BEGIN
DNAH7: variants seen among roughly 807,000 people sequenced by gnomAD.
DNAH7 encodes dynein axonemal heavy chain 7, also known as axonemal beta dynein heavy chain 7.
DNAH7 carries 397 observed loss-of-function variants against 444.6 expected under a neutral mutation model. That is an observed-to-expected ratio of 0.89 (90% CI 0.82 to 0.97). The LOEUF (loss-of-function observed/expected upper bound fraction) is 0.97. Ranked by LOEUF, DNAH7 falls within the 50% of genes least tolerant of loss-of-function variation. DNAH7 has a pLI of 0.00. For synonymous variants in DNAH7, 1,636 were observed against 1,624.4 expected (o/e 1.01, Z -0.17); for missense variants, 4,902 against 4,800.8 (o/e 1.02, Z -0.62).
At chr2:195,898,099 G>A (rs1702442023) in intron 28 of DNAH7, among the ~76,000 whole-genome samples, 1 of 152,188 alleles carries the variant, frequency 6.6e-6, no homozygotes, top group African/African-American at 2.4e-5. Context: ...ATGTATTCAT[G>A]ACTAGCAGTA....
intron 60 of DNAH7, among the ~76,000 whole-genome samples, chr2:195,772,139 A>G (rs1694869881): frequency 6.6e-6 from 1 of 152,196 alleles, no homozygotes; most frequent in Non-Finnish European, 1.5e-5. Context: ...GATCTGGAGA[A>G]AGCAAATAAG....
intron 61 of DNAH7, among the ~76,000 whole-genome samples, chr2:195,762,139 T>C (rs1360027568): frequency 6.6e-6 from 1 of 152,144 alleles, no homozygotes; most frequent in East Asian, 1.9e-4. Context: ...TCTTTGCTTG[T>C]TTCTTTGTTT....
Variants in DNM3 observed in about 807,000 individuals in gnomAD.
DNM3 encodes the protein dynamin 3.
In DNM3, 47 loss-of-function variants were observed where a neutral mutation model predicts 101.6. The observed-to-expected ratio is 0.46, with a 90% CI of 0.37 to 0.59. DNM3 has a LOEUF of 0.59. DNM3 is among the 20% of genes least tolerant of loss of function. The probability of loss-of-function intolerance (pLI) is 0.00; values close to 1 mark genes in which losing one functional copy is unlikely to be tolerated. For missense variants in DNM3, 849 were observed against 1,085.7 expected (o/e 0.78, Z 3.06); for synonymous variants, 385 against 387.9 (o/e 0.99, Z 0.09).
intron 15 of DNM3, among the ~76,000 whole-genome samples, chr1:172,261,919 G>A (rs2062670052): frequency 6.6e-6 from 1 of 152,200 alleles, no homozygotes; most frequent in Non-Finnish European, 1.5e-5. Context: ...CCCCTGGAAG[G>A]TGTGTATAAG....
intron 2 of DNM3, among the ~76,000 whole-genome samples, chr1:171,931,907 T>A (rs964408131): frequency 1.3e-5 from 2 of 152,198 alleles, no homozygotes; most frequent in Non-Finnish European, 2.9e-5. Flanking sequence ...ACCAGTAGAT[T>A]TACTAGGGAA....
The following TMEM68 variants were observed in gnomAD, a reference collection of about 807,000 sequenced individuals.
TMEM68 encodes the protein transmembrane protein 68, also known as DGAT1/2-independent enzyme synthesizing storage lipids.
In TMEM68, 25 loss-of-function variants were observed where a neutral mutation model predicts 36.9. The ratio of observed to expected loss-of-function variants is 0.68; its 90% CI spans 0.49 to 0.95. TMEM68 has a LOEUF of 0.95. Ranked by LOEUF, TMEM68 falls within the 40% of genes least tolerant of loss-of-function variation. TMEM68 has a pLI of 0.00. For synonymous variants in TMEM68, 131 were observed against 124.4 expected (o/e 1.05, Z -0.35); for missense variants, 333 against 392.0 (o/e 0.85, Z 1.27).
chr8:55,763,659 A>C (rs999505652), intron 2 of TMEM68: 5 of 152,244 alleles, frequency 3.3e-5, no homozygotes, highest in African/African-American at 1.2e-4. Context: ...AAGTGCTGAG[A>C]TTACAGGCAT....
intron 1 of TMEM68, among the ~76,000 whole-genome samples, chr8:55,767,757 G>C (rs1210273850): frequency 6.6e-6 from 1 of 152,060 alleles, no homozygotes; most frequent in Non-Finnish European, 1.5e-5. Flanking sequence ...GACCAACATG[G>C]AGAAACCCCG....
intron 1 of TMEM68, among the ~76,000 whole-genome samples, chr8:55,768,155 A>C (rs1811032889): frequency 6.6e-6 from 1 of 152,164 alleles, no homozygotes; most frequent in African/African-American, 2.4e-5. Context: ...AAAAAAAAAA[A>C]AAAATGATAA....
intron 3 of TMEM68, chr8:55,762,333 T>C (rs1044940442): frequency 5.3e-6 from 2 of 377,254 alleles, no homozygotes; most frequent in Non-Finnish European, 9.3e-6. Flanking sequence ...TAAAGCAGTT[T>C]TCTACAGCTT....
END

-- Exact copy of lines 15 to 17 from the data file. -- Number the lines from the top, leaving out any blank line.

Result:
chr8:55,763,659 A>C (rs999505652), intron 2 of TMEM68: 5 of 152,244 alleles, frequency 3.3e-5, no homozygotes, highest in African/African-American at 1.2e-4. Context: ...AAGTGCTGAG[A>C]TTACAGGCAT....
intron 1 of TMEM68, among the ~76,000 whole-genome samples, chr8:55,767,757 G>C (rs1210273850): frequency 6.6e-6 from 1 of 152,060 alleles, no homozygotes; most frequent in Non-Finnish European, 1.5e-5. Flanking sequence ...GACCAACATG[G>C]AGAAACCCCG....
intron 1 of TMEM68, among the ~76,000 whole-genome samples, chr8:55,768,155 A>C (rs1811032889): frequency 6.6e-6 from 1 of 152,164 alleles, no homozygotes; most frequent in African/African-American, 2.4e-5. Context: ...AAAAAAAAAA[A>C]AAAATGATAA....